Saturday, January 31st, 2004
I had coffee (rather than beer) today with Roy Edroso of Alicublog (which is to my surprise pronounced "Ali-COO-blog", not "A-LICK-yooblog"), and old friend Nathaniel Heidenheimer. Roy brought to my attention the scene on p. 22 of Don Quixote -- a scene which I had smiled at when I read it a few nights previously but without realizing how excellent it is, and how exactly descriptive of my own actions in many situations throughout my life.
...he saw that it had a great defect, which was that instead of a full sallet helmet with an attached neckguard, there was only a simple headpiece; but he compensated for this with his industry, and out of pasteboard he fashioned a kind of half-helmet that, when attached to the headpiece, took on the appearance of a full sallet. It is true that in order to test if it was strong and could withstand a blow, he took out his sword and struck it twice, and with the first blow he undid in a moment what it had taken him a week to create; he could not help being disappointed at the ease with which he had hacked it to pieces, and to protect against that danger, he made another one, placing strips of iron on the inside so that he was satisfied with its strength; and not wanting to put it to the test again, he designated and accepted it as an extremely fine sallet.
I have done precisely this many times: test something which I have put a lot of effort into, find it extremely wanting, rebuild it with a little reinforcement and then skip the test -- and say to myself, the extra reinforcement is sure to make it hold.
It was good to see Nathaniel again -- he says he wants to get a blog, which would be a good thing to have happen though I am a little skeptical. He made me reconsider my support for Edwards, who he thinks is totally insincere in his economically progressive talking points.
Friday, January 30th, 2004
Don Quixote: I read (last night) the prologue and introductory verse (which I more skimmed than read), and the first chapter; tonight I reread the end of the first chapter, and read the second and third chapters. It is flowing very nicely for me and giving me some laughs. The author's voice (as realized by the translator) is very strong and consistent.
Reading After the New Economy, my first reaction is that it's far less dry and uninteresting than I found Wall Street (counter to expectations) to be. I reckon this is probably indicative of a change in my abilities to comprehend rather than in Henwood's writing style, so I should probably go back to Wall Street sometime.
Of course, another distinction between the two books is that After the New Economy has more direct personal relevance to my situation.
Update: I seem to have taken to singing, in a Jim Morrison whine/moan, "After the new econ'my, turn out the lights..." -- Alas! When phrases get stuck in my head they can hang around for weeks, sucking up resources which could otherwise be better used...
Thursday, January 29th, 2004
So here is the plan for the next few weeks, reading- and woodworkingwise: On the train to and from work, I am going to be reading After the New Economy by Doug Henwood until I finish it, then Nickeled and Dimed by Barbara Ehrenreich, which I bought today for Ellen -- I believe she will be finished with it by the time I want it. Come home in the evening, play with Sylvia, have dinner, recreate, put Sylvia to bed. Then I will go downstairs and work on a dust collection harness for my lathe -- or when that is finished, on Ellen's bookcase or turning projects. Then come back up and read Don Quixote for an hour or so before bed. This makes it difficult to figure when I will post my reactions to DQ but I will try and make some room for that as well.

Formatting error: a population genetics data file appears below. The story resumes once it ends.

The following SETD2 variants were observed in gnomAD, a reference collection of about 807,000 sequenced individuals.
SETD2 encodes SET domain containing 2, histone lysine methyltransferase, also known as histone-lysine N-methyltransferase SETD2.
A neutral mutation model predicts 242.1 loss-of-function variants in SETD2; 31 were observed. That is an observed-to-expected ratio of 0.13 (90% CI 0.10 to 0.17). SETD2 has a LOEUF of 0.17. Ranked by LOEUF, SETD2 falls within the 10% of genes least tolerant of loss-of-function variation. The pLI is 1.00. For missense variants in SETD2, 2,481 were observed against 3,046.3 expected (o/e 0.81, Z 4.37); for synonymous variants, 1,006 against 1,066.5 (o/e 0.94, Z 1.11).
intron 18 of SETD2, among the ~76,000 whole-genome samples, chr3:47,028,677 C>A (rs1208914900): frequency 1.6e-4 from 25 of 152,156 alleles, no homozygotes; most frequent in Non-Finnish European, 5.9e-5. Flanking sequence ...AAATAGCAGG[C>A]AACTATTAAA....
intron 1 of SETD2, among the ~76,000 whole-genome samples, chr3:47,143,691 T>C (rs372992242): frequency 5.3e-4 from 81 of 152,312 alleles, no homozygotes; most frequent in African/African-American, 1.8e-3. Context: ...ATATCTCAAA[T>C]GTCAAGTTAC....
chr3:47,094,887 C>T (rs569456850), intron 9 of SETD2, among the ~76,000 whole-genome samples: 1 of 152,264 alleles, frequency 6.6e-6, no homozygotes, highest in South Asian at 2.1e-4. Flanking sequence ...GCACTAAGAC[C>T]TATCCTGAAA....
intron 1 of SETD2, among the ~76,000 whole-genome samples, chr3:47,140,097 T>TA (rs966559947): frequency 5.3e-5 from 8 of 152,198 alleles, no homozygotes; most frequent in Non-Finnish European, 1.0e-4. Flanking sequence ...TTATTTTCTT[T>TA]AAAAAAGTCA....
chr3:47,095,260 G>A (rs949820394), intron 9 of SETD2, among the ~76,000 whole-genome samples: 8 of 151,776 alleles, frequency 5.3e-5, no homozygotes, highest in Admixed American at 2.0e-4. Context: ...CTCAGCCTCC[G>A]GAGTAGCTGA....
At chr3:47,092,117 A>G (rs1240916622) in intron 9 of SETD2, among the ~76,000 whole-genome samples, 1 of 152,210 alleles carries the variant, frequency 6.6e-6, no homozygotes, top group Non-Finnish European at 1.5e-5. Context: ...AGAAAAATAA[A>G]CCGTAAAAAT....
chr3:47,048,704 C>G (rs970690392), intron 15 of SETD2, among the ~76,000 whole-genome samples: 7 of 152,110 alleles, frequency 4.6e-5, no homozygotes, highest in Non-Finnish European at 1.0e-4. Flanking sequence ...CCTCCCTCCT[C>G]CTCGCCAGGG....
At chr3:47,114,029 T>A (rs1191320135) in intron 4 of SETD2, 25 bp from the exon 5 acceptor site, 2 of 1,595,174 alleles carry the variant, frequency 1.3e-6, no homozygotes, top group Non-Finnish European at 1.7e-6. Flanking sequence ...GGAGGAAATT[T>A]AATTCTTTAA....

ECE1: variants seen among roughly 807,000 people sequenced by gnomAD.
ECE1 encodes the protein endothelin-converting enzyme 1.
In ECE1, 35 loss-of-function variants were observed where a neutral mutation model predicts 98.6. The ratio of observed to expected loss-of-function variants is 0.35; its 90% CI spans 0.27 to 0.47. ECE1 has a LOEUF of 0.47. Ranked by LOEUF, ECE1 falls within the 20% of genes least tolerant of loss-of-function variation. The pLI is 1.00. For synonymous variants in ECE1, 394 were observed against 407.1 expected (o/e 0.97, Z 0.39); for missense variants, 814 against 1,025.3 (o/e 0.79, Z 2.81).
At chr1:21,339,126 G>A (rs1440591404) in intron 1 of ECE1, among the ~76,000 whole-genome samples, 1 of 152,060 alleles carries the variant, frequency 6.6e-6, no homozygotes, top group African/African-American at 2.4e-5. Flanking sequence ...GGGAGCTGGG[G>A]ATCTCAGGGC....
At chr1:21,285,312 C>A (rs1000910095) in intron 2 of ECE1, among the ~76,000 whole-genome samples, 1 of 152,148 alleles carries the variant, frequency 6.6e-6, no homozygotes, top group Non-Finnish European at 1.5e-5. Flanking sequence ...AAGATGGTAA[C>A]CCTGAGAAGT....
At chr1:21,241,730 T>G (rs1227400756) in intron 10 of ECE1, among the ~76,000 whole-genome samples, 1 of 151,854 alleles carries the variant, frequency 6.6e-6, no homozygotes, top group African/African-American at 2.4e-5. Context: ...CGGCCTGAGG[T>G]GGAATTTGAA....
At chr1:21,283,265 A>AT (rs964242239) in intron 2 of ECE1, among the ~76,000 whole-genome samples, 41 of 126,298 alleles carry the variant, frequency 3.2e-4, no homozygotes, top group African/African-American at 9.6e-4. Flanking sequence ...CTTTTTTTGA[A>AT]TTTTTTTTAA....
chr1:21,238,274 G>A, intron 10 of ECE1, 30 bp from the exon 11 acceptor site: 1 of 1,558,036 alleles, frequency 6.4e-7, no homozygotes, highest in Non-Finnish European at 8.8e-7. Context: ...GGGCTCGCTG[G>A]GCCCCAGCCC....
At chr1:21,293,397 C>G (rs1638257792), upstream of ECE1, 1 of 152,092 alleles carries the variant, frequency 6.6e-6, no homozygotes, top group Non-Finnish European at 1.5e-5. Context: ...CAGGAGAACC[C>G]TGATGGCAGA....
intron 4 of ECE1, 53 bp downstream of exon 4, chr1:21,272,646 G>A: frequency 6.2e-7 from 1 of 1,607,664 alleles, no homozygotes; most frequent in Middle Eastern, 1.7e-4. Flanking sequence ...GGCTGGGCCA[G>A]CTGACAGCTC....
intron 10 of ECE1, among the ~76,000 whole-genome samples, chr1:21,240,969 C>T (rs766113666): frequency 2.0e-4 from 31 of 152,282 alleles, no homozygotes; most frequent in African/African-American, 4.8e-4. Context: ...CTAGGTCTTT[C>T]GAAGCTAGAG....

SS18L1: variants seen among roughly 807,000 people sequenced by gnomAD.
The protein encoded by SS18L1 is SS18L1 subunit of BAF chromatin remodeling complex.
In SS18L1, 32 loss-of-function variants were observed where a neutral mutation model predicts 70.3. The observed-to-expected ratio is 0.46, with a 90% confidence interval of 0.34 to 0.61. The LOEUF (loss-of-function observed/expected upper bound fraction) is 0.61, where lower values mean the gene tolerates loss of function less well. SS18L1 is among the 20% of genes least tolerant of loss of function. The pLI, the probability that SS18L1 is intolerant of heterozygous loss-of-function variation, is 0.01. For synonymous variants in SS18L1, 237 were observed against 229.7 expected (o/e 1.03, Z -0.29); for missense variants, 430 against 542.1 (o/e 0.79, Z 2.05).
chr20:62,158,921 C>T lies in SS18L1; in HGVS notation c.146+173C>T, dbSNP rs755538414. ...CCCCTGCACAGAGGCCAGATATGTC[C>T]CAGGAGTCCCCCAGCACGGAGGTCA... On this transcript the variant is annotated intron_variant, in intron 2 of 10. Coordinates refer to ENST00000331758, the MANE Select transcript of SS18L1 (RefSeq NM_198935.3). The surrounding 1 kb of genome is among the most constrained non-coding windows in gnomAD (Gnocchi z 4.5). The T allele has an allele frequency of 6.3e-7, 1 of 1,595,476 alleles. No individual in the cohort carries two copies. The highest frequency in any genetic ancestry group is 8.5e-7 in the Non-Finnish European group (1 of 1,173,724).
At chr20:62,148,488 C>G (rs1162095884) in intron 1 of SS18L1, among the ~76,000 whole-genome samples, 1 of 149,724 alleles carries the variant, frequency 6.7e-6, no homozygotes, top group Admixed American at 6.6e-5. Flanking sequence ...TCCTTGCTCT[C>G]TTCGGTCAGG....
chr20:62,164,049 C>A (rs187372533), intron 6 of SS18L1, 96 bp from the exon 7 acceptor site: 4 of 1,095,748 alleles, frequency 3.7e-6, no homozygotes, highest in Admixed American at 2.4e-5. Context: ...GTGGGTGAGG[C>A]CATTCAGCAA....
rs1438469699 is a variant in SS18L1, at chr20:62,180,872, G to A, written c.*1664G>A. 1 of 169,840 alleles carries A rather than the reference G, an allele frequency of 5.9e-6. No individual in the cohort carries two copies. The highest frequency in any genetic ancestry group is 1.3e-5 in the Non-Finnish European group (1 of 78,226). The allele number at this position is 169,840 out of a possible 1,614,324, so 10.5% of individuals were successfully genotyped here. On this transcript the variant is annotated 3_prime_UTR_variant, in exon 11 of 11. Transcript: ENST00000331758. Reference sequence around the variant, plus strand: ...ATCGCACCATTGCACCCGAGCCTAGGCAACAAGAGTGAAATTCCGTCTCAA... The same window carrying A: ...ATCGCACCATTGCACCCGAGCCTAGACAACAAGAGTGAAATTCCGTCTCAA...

Wednesday, January 28th, 2004
I went to Coliseum Books today in search of Don Quixote. Coliseum is sold out of Don Quixote but should have a new shipment delivered tomorrow morning. I took the opportunity to buy Doug Henwood's After the New Economy instead.
Monday, January 26th, 2004
I am reading Terry Castle's review of Edith Grossman's new translation of Don Quixote, and thinking I should read it. I read the book, or large parts of it, in college, in Walter Starkie's translation, but it never really hit me -- I never had the DQ experience that I was expecting based primarily on some stuff I had read by Borges. Time to go back to it? I think so -- and Castle sure makes this new translation sound worthwhile.
My query on the turning forum has generated quite a lot of advice regarding how to control sawdust when using a lathe. I have ordered a Dustfoe 88 dust mask, and a dust collection hood to attach to the lathe. Neither is the very ideal thing, but both are within my budget and can be upgraded at some later date.
Sunday, January 25th, 2004
Turns out you need to wear protection when turning walnut. Up all last night with a mightily inflamed throat and sinuses.
Saturday, January 24th, 2004
Follow-on to the candlesticks pictures: This evening I turned another candlestick and it is way better than any of those. More interesting shape, better technique, and an actual finish! (By "better technique", I mean essentially that the surface of the turning is smooth almost everywhere, and that the cup for the candle is the right shape, tapering instead of straight.) The finish is shellac, which I mixed myself from Lee Valley's shellac flakes. I made sort of half-hearted efforts toward polishing it, that did not really work, but it is quite lovely anyway. I will post a picture of it when the roll is developed.
Thursday, January 22nd, 2004
Some new woodworking graphics in the photo album: Some candlesticks and The lathe I used to turn them.
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